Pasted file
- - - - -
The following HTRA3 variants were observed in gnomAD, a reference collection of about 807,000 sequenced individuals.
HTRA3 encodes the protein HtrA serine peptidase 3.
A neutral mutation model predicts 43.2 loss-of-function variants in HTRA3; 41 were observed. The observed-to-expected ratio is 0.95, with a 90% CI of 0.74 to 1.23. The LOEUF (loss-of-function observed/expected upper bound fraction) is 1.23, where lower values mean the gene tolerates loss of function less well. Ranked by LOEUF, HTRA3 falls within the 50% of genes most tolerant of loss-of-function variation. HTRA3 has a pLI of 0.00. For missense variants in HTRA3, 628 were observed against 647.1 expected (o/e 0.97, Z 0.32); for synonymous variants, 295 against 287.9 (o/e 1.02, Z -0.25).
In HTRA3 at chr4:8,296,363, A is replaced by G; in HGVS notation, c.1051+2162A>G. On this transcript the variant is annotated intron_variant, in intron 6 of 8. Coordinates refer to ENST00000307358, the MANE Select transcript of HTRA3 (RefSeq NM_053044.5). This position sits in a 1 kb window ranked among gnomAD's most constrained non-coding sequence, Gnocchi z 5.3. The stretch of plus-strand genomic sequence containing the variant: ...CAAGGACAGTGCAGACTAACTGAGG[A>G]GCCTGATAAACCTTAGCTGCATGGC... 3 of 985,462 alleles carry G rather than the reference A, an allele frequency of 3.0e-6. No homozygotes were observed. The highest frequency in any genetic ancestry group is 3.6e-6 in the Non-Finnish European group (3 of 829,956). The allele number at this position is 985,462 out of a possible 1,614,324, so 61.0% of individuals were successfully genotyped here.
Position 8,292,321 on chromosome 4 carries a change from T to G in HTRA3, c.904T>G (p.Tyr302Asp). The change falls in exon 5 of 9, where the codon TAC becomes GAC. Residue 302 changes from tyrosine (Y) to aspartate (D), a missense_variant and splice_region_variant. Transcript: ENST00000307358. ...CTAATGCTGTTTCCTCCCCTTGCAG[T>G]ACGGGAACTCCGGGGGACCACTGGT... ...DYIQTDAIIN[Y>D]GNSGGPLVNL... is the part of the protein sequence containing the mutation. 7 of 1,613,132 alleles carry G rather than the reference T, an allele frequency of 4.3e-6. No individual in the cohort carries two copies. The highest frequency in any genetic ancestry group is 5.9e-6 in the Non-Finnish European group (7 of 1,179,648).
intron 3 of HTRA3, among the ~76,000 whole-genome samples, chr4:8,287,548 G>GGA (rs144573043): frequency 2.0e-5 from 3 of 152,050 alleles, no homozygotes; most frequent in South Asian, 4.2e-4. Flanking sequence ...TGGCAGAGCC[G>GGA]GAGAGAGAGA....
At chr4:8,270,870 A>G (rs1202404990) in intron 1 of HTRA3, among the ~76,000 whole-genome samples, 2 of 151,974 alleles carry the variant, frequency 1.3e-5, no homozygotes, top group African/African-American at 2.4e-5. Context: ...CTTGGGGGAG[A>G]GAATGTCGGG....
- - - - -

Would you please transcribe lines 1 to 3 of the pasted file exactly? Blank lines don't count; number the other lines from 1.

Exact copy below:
The following HTRA3 variants were observed in gnomAD, a reference collection of about 807,000 sequenced individuals.
HTRA3 encodes the protein HtrA serine peptidase 3.
A neutral mutation model predicts 43.2 loss-of-function variants in HTRA3; 41 were observed. The observed-to-expected ratio is 0.95, with a 90% CI of 0.74 to 1.23. The LOEUF (loss-of-function observed/expected upper bound fraction) is 1.23, where lower values mean the gene tolerates loss of function less well. Ranked by LOEUF, HTRA3 falls within the 50% of genes most tolerant of loss-of-function variation. HTRA3 has a pLI of 0.00. For missense variants in HTRA3, 628 were observed against 647.1 expected (o/e 0.97, Z 0.32); for synonymous variants, 295 against 287.9 (o/e 1.02, Z -0.25).